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KD2575
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19 Jan 2020, 5:09 am

I am hoping someone can advise me. I have a 2 1/2 year old son who was recently diagnosed ASD 2. I have been to hell and back to try and get a diagnosis and have lost many friends and family in the process who believed me crazy.
I have recently moved inter state and my little boy is attending 30 hours a week of ABA. 12 weeks ago my son was completely non verbal and now he is saying single words when looking in books and using single words to request things eg “help” “bottle” “dummy” when I am playing with him he makes good eye contact but when I speak to him he is hit and miss. I would say his expressive language is better then his receptive.
I am not getting very good guidance from anyone and trying to do everything I can for my little boy on my own. I have been extremely pleased with his improvements but his aba clinic seem to play down all his improvements and have made me feel very depressed.
My question is, at what age did your children’s language improve. What is a language delay and the children ended up with good communication? The fact my child is saying words is this an indication language is to come?
My sons biggest issue is language, he eats well, sleeps well, excellent fine/gross motor, no behavioural issues and fine transitioning from one thing to another. His biggest issue is communication.
Please help me



kraftiekortie
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19 Jan 2020, 7:18 am

He’s 2 1/2. There are “normal” kids who don’t speak all that well at 2 1/2. Does he speak the single words clearly?

He’s probably 6 months to one year behind in what is considered “normal” for age 2 1/2 in terms of expressive language. I have a bachelors in speech pathology, though I’m not a speech pathologist.

Very few kids at that age, even “normal” kids, listen very well at 2 1/2.

How is he in his play? Does he play with trucks, say, like they are trucks? Does he make pretend “engine” sounds?

How is his nonverbal language? Does he show you things? Showing you things is called “joint attention.”

Is he toilet-trained?

It’s actually possible that the early intervention services that he has received has benefited him. I’m sorry they are not treating you well as a parent.

Especially if he starts speaking sentences by age 3, I would say the prognosis is good.

I started speaking at age 5 1/2. By 6, I spoke like a “normal” kid. I became independent at age 20.



aquafelix
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19 Jan 2020, 9:28 am

I have a son who is almost 4 and has only now started using something approaching phrased speech. Six months ago I worried if he would ever talk. Every kid is different though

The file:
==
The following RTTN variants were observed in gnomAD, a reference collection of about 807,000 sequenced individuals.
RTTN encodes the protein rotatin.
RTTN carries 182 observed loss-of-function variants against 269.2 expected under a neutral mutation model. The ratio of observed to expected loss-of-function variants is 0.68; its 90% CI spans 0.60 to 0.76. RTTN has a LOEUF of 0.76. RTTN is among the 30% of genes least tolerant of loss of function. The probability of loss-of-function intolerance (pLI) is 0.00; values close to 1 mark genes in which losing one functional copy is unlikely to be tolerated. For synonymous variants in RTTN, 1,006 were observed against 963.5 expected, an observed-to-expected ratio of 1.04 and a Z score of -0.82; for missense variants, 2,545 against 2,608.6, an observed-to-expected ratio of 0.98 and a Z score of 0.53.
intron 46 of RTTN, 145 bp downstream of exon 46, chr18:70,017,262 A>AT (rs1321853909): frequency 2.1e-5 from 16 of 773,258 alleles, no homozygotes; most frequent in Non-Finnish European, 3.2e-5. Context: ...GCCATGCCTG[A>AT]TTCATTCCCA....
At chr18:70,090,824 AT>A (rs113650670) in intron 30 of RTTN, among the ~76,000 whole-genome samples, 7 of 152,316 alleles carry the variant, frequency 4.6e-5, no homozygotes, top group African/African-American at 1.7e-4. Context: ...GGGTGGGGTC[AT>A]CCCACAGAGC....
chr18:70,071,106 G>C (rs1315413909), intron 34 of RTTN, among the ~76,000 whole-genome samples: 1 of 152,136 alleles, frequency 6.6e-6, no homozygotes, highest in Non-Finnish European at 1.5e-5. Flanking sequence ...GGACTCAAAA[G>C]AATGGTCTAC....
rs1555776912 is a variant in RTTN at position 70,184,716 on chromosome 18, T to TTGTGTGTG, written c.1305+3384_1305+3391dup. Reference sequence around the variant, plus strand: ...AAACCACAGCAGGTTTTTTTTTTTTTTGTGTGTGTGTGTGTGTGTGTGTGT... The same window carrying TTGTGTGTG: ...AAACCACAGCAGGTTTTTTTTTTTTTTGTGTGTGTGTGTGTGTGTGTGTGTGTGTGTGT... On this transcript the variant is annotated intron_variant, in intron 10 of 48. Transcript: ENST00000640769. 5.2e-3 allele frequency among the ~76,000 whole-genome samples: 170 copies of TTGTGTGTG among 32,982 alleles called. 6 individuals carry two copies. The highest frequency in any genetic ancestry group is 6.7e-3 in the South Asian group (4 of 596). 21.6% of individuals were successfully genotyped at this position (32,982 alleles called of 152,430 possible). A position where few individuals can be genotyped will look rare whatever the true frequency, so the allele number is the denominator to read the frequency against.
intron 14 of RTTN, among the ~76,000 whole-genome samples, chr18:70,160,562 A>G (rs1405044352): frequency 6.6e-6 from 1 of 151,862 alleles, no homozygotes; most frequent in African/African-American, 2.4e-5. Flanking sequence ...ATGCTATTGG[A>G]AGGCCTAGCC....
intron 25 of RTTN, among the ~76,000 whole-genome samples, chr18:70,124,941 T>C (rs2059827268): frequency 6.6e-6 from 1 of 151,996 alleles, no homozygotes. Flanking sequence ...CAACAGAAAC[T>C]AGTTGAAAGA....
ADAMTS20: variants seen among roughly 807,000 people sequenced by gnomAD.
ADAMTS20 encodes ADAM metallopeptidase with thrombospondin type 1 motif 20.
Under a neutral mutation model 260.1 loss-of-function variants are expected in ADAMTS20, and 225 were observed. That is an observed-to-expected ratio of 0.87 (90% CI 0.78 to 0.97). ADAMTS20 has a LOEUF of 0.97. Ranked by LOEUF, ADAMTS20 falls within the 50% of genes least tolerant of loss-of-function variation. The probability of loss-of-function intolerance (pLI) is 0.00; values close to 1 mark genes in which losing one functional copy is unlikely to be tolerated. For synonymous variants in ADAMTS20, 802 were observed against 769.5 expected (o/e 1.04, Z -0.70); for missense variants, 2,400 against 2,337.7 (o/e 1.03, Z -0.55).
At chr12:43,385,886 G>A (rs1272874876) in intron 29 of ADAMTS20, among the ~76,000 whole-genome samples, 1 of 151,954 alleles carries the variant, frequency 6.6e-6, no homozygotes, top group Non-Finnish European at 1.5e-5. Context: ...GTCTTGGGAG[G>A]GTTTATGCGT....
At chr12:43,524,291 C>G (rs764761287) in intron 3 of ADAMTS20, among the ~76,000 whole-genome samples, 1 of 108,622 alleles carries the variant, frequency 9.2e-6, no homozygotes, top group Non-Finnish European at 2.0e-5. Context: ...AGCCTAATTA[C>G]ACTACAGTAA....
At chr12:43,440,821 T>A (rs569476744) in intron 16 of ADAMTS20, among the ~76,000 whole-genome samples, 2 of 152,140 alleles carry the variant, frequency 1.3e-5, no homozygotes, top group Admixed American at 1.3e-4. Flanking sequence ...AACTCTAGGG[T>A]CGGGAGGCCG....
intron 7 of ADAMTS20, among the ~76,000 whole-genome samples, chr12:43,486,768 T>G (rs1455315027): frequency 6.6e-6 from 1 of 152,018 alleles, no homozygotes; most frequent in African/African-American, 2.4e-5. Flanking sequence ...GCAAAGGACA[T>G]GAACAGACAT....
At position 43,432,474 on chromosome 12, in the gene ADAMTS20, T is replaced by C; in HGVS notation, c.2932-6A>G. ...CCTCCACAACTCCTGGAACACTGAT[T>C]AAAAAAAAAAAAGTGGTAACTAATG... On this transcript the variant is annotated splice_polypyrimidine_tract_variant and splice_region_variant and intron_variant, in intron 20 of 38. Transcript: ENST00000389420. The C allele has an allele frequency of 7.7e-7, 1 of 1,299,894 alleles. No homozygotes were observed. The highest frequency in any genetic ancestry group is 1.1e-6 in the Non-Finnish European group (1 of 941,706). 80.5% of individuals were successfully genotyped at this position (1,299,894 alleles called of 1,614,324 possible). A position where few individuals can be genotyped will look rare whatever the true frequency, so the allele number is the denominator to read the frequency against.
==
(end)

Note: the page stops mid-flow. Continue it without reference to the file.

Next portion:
Fern
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19 Jan 2020, 2:46 pm

It sounds like you are working hard to do the best you can for your kid. My advice is to remember that ABA, speech therapy, etc is all really hard work for such a tiny one to undergo. Don't forget to help him de-stress and decompress too. I was fortunate enough to have parents like you who took me to professionals for help when I was a kid, but sometimes it felt like all day long I was constantly being judged and picked at and told I wasn't enough (it honestly still feels like that sometimes). It sounds like he does really well when you are playing. I bet there's a reason for that. I bet it's a context that is less stressful for him.

There are ways to incorporate bi-directional communication into playtime too though. Take this example for instance (skip to 5:15 for what I'm talking about):


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20 Jan 2020, 1:06 am

Overall, communication is more important than speech. Is he learning how to communicate his wants and needs, or are the words he says echoes of things he's heard without meaning necessarily attached to them? At this juncture, I would be inclined to ask his speech therapist about supplementing his verbal speech with PECs (picture exchange communication cards) or AAC (alternative augmentative communication; basically an app on a tablet or phone that can be programmed to speak words at the touch of specific buttons).

Your son may speak, and he may not; it's too soon to tell, and every autistic is different. Some days I give lectures at universities, other days I use AAC on my iPad. It just depends. The important thing is that your son has a way of expressing his thoughts, wants, needs and opinions. If his specialists aren't working on making this happen yet, it's up to you to push them to make sure they start. Good luck.


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kraftiekortie
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20 Jan 2020, 5:06 am

If he’s using single words now, it’s quite possible that he might “catch up” to other kids by age 3. I’ve seen this happen. And I’ve read about this happening.